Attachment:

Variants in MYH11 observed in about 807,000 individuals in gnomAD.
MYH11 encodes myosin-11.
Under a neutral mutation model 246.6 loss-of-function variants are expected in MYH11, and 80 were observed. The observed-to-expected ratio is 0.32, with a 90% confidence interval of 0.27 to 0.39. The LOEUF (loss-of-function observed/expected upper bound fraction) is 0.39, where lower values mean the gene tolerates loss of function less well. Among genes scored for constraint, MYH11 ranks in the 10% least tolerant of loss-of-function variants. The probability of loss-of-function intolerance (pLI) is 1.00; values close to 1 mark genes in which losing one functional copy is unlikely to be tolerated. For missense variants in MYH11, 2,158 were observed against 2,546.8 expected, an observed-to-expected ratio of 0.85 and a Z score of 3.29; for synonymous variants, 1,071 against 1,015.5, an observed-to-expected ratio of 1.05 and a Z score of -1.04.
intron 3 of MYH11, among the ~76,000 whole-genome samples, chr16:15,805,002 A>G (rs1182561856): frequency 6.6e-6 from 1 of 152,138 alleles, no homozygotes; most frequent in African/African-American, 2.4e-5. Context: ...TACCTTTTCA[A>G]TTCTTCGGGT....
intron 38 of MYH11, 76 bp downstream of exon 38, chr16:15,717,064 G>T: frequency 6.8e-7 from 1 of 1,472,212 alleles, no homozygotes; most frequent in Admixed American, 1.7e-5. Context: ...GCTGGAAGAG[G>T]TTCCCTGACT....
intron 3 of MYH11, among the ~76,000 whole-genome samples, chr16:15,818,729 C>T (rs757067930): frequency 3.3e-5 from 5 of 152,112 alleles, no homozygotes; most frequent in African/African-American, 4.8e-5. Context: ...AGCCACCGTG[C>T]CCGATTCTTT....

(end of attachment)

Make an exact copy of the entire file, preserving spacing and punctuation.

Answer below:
Variants in MYH11 observed in about 807,000 individuals in gnomAD.
MYH11 encodes myosin-11.
Under a neutral mutation model 246.6 loss-of-function variants are expected in MYH11, and 80 were observed. The observed-to-expected ratio is 0.32, with a 90% confidence interval of 0.27 to 0.39. The LOEUF (loss-of-function observed/expected upper bound fraction) is 0.39, where lower values mean the gene tolerates loss of function less well. Among genes scored for constraint, MYH11 ranks in the 10% least tolerant of loss-of-function variants. The probability of loss-of-function intolerance (pLI) is 1.00; values close to 1 mark genes in which losing one functional copy is unlikely to be tolerated. For missense variants in MYH11, 2,158 were observed against 2,546.8 expected, an observed-to-expected ratio of 0.85 and a Z score of 3.29; for synonymous variants, 1,071 against 1,015.5, an observed-to-expected ratio of 1.05 and a Z score of -1.04.
intron 3 of MYH11, among the ~76,000 whole-genome samples, chr16:15,805,002 A>G (rs1182561856): frequency 6.6e-6 from 1 of 152,138 alleles, no homozygotes; most frequent in African/African-American, 2.4e-5. Context: ...TACCTTTTCA[A>G]TTCTTCGGGT....
intron 38 of MYH11, 76 bp downstream of exon 38, chr16:15,717,064 G>T: frequency 6.8e-7 from 1 of 1,472,212 alleles, no homozygotes; most frequent in Admixed American, 1.7e-5. Context: ...GCTGGAAGAG[G>T]TTCCCTGACT....
intron 3 of MYH11, among the ~76,000 whole-genome samples, chr16:15,818,729 C>T (rs757067930): frequency 3.3e-5 from 5 of 152,112 alleles, no homozygotes; most frequent in African/African-American, 4.8e-5. Context: ...AGCCACCGTG[C>T]CCGATTCTTT....